When the Vietnam National Fine Arts Museum decided to refresh the way it presents itself to the public, it tapped David Pierce, assistant professor of art and art history, to help lead the project. This designer, painter, filmmaker and animator spent the summer in Hanoi to begin working with the museum to develop a new logo, signage, brochures and other materials.
The Vietnam National Fine Arts Museum in Hanoi is one of its nation’s premier cultural institutions, home of a beautiful and distinguished collection of artworks and objects from every era of Vietnamese history.
Now the 57-year-old museum is refreshing the way it represents itself—and it has hired David Pierce, assistant professor of art and art history at Adelphi, to help lead the process.
“I am consulting with them on creating a new brand guideline book and brand identity,” Pierce said.
Pierce spent this past summer in Hanoi working directly with the museum’s director of communications and staff members to develop designs for a new logo, signage, floor map, brochure and gift packaging.
New signage puts a smile on an imposing building
Housed in an 86-year-old colonial structure built as a boarding school for the daughters of French officials, the museum blends in with government buildings in its neighborhood. One
of Pierce’s first tasks was to help it stand out by designing colorful banners to hang on the building’s facade.
“They’re like the banners you see when you walk by MoMA [Museum of Modern Art] in New York City on any given day,” he said. “They keep the museum from looking like an office building. The banners make it look like a welcoming place you want to come to.”
He is also revising the museum’s red and gray palette, adding a range of playful colors to make everything from signs to gift shop tote bags feel more modern and lively.
“Red is the national color of Vietnam, so we kept that as the primary color,” he said. “But since color plays a massive role in communicating identity and mood, we’ll be adding colors like oranges and greens. The new branding will say, ‘This is a vibrant place where you can bring your family, or you can just wander in and feel welcome.’ ”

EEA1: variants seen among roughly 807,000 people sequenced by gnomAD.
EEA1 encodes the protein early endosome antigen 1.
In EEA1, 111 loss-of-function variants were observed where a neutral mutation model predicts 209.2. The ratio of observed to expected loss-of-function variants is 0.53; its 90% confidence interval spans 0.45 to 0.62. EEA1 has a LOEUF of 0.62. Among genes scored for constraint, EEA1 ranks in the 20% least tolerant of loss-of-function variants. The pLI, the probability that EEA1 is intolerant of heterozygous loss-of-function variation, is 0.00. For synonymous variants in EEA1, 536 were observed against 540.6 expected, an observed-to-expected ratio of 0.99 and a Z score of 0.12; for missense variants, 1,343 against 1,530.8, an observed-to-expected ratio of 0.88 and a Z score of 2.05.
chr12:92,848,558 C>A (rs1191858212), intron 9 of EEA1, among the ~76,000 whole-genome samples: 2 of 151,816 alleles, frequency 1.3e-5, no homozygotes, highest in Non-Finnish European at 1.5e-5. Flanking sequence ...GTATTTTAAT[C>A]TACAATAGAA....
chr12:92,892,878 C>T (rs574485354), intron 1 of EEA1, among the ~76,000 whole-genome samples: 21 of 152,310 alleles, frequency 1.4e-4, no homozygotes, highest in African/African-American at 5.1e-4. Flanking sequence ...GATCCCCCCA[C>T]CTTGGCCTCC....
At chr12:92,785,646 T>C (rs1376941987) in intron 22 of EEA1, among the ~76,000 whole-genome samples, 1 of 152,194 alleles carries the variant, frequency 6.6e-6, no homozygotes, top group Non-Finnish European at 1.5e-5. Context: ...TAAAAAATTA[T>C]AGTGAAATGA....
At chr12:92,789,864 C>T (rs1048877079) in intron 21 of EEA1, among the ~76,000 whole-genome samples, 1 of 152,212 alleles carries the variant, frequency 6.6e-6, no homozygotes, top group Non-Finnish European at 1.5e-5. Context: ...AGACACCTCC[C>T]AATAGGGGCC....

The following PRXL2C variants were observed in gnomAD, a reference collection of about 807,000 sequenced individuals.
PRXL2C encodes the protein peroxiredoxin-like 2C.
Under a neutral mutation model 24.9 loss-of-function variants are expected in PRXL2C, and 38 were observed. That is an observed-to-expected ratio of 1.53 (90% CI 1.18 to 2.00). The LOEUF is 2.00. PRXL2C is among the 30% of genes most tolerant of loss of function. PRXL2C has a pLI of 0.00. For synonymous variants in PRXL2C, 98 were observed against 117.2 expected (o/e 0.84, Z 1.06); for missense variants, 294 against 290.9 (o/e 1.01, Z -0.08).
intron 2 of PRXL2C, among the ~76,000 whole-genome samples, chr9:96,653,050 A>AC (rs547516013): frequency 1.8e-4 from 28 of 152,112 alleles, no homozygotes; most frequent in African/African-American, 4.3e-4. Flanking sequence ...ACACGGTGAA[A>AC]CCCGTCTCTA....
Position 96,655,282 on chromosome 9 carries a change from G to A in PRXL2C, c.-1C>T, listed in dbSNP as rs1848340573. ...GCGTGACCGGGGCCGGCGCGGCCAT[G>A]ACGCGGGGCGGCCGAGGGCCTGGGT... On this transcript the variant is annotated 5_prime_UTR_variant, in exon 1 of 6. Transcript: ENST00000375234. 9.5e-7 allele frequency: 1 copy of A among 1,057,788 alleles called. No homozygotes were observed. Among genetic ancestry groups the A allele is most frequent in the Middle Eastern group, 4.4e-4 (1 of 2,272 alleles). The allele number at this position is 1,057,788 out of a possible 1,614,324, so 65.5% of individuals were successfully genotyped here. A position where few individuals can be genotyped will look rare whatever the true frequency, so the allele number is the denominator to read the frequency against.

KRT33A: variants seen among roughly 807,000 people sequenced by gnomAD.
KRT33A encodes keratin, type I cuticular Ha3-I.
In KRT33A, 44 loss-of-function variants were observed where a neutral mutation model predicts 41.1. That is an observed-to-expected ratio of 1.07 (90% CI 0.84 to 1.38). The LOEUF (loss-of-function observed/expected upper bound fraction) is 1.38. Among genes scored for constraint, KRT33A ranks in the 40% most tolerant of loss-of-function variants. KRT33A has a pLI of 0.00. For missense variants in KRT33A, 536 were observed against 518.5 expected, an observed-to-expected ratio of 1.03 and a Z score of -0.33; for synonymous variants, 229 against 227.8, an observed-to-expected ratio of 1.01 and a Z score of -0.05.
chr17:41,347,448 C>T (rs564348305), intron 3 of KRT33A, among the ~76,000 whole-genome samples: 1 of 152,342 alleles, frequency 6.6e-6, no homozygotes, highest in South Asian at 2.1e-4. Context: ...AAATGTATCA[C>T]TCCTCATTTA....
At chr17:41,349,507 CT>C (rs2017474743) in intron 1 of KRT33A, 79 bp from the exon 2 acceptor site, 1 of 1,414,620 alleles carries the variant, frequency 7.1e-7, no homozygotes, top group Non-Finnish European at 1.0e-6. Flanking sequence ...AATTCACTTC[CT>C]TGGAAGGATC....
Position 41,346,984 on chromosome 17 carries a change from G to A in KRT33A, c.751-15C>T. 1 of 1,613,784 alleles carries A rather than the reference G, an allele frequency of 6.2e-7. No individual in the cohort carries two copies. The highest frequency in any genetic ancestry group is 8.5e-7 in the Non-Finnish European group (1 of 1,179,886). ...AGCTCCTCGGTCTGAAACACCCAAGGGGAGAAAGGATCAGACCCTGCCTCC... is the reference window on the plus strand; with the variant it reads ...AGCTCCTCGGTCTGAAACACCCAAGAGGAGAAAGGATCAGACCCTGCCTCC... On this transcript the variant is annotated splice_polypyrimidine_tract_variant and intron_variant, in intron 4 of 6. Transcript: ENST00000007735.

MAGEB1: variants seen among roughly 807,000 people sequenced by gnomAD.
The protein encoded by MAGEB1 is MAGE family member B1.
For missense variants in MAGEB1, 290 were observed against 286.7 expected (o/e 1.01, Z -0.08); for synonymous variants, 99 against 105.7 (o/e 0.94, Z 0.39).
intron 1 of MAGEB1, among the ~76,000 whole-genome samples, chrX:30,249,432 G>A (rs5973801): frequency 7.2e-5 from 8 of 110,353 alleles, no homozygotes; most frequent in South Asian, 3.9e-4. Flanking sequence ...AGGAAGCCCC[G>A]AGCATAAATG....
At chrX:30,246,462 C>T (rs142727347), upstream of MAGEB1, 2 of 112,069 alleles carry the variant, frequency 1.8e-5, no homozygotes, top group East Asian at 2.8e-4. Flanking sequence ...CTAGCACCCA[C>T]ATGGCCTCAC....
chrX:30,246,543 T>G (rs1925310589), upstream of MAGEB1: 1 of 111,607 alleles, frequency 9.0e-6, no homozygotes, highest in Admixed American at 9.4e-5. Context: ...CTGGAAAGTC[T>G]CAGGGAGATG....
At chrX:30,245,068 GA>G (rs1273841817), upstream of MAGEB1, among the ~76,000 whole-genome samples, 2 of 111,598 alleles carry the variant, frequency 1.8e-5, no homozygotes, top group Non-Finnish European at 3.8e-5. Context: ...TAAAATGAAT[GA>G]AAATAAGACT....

Pierce isn’t stopping there. He’s adding a second font to the museum’s style book to give signage and brochures a more contemporary appearance, and he’s proposed incorporating a pattern from the museum building’s traditional Vietnamese woodwork as a visual motif for use on signs, tote bags and the institution’s website. He is also redesigning the floor maps inside the museum to make it easier for visitors to find their way through the rambling building.
Pierce returned to the United States at the end of the summer and is continuing to work with the staff on many of the details. He will return to Hanoi to complete the project.
A history with Vietnam
Pierce’s stay in Vietnam this past summer was hardly his first. He had been there many times during his three years teaching graphic design in
Hong Kong. A friend who works as a translator for the museum learned of the institution’s desire to redesign its signage and introduced Pierce to the museum’s director of design.
“I went to Hanoi to visit the museum and say hello,” Pierce said. “We sat down and started talking design. Then the conversation led to collaboration and this partnership grew from there.”
Pierce’s work with the museum is just one of his many projects. A designer, painter, filmmaker and animator, he has exhibited in Taiwan, Thailand, England, Italy and Israel, as well as extensively in galleries in New York City. His films, most recently the animated short Plausible Audio, have been selected for numerous festivals.
He is very satisfied with his collaboration with the Vietnam National Fine Arts Museum.
“It’s been an amazing project,” he said, “and I’m excited that it’s going to help bring even more people into this gorgeous old building to see the incredible stuff the museum is doing.”